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Biol Psychiatry. 2006 Jul 1;60(1):1-10. Epub 2005 Dec 20.

A multivariate electrophysiological endophenotype, from a unitary cohort, shows greater research utility than any single feature in the Western Australian family study of schizophrenia.

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School of Psychiatry and Clinical Neuroscience and Centre for Clinical Research in Neuropsychiatry, University of Western Australia and Graylands Hospital, Perth, Australia.



Previous studies have found several electrophysiological endophenotypes that each co-varies individually with schizophrenia. This study extends these investigations to compare and contrast four electrophysiological endophenotype, mismatch negativity, P50, P300, and antisaccades, and analyze their covariance on the basis of a single cohort tested with all paradigms. We report a multivariate endophenotype that is maximally associated with diagnosis and evaluate this new endophenotype with respect to its application to genetic analysis.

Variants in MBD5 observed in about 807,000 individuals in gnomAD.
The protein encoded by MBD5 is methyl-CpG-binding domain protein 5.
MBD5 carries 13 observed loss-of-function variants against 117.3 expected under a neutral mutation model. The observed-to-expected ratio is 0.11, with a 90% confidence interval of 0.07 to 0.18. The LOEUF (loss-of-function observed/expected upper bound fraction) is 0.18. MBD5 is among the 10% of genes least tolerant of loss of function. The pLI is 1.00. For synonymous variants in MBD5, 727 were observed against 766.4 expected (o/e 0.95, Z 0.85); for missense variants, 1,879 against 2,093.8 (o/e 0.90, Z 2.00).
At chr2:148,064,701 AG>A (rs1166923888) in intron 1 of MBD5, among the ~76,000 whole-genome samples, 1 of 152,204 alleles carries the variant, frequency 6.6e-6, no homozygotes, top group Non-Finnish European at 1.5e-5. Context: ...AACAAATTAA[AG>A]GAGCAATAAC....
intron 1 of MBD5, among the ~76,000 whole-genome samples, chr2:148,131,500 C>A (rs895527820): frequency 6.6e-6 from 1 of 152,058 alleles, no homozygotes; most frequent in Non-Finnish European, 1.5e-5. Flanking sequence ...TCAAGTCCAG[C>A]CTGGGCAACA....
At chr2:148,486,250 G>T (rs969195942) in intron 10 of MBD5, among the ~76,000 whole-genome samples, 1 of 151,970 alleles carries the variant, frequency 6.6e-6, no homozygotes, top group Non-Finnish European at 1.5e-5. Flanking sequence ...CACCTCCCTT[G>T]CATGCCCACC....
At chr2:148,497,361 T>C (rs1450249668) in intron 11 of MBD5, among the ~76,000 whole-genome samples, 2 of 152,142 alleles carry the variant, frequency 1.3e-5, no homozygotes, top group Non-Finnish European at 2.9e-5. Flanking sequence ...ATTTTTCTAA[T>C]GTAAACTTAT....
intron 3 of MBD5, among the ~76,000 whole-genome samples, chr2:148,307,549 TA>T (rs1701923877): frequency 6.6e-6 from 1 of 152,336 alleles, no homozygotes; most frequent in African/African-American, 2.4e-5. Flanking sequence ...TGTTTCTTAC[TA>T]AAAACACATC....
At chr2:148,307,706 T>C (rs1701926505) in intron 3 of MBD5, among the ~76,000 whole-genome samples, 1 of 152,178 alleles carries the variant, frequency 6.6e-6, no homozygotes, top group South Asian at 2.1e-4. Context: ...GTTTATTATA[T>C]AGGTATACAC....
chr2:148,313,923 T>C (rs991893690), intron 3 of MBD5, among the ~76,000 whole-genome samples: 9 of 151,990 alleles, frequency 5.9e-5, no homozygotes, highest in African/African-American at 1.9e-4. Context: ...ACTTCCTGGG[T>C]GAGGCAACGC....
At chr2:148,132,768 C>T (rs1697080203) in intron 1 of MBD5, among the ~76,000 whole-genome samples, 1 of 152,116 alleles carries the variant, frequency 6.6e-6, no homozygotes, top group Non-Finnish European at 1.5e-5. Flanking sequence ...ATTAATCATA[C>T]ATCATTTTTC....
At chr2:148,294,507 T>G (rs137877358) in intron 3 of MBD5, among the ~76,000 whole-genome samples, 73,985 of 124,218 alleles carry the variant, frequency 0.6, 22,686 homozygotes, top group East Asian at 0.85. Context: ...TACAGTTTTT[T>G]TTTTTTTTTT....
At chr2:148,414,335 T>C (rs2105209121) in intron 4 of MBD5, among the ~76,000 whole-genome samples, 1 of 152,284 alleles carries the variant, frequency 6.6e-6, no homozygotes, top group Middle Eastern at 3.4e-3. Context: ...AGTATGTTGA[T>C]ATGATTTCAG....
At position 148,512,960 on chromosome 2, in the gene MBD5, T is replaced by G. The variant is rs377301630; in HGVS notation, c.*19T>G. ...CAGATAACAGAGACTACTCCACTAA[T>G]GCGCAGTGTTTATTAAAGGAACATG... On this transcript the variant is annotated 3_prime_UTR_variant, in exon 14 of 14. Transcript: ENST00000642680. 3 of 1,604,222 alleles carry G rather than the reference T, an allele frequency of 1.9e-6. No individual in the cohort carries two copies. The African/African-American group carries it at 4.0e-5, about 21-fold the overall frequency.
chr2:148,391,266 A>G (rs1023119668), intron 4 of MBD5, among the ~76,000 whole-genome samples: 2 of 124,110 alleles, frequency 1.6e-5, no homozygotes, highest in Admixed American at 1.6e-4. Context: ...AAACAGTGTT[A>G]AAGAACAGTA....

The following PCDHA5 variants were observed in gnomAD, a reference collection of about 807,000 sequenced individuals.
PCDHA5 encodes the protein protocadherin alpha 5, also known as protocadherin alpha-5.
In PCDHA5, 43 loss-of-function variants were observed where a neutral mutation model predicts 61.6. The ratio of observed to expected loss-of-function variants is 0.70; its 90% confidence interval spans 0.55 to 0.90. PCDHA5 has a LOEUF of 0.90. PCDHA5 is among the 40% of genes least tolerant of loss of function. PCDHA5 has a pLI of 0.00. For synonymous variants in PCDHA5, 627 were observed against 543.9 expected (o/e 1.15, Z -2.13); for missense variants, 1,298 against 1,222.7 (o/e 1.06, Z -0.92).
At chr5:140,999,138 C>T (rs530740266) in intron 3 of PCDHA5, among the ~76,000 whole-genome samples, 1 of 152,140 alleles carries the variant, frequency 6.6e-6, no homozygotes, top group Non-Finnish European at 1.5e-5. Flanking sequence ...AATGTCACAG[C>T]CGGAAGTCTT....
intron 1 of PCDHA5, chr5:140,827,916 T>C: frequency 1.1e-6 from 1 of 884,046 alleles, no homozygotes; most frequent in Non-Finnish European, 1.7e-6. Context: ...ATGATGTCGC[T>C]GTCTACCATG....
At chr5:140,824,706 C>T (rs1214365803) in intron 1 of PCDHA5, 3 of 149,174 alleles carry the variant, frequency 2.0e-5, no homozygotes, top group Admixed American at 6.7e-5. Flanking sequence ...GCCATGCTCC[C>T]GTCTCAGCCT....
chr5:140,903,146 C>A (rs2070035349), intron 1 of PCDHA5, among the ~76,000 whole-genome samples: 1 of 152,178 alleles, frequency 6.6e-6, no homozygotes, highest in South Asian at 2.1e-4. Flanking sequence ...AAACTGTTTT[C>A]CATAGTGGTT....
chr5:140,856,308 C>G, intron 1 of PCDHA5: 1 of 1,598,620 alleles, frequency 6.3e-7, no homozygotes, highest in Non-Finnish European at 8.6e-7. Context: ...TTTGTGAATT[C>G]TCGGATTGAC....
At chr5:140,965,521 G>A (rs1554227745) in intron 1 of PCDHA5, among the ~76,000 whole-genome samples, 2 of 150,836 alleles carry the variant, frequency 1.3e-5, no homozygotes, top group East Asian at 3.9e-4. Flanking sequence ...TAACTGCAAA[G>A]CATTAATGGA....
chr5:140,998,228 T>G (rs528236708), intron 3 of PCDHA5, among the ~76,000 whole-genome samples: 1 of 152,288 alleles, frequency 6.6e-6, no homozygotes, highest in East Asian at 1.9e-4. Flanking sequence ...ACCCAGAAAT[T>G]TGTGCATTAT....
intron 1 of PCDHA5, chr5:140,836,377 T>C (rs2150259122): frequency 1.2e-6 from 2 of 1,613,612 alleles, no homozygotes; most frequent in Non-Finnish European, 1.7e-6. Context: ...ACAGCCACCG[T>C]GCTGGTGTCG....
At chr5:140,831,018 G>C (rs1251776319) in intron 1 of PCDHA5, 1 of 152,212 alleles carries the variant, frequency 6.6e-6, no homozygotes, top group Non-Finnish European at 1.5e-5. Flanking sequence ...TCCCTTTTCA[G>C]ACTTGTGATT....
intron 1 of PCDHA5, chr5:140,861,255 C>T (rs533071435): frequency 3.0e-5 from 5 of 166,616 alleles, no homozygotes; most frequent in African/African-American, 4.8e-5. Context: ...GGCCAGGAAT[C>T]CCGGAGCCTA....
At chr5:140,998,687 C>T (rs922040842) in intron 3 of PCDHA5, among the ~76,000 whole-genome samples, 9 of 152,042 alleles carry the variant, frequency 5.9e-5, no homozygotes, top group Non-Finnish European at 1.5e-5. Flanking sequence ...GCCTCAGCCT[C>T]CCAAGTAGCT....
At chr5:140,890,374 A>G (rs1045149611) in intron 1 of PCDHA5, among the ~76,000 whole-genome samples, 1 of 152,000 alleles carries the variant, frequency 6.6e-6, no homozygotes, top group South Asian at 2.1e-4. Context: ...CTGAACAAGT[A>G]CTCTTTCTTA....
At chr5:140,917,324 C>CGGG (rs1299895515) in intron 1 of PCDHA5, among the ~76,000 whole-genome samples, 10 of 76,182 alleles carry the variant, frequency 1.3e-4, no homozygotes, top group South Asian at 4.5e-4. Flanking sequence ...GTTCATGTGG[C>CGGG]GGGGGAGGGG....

Group differences and covariance were analyzed for probands (n = 60), family members (n = 53), and control subjects (n = 44). Associations between individual endophenotypes and diagnostic groups, as well as between the multivariate endophenotype and diagnostic groups, were investigated with logistic regression.


Results from all four individual endophenotypes replicated previous findings of deficits in the proband group. The P50 and P300 endophenotypes similarly replicated significant deficits in the family member group, whereas mismatch negativity and antisaccade measures showed a trend. There was minimal correlation between the different endophenotypes. A logistic regression model based on all four features significantly represented the diagnostic grouping (chi(2) = 32.7; p < .001), with 80% accuracy in predicting group membership.


A multivariate endophenotype, based on a weighted combination of electrophysiological features, provides greater diagnostic classification power than any single endophenotype.

[Indexed for MEDLINE]

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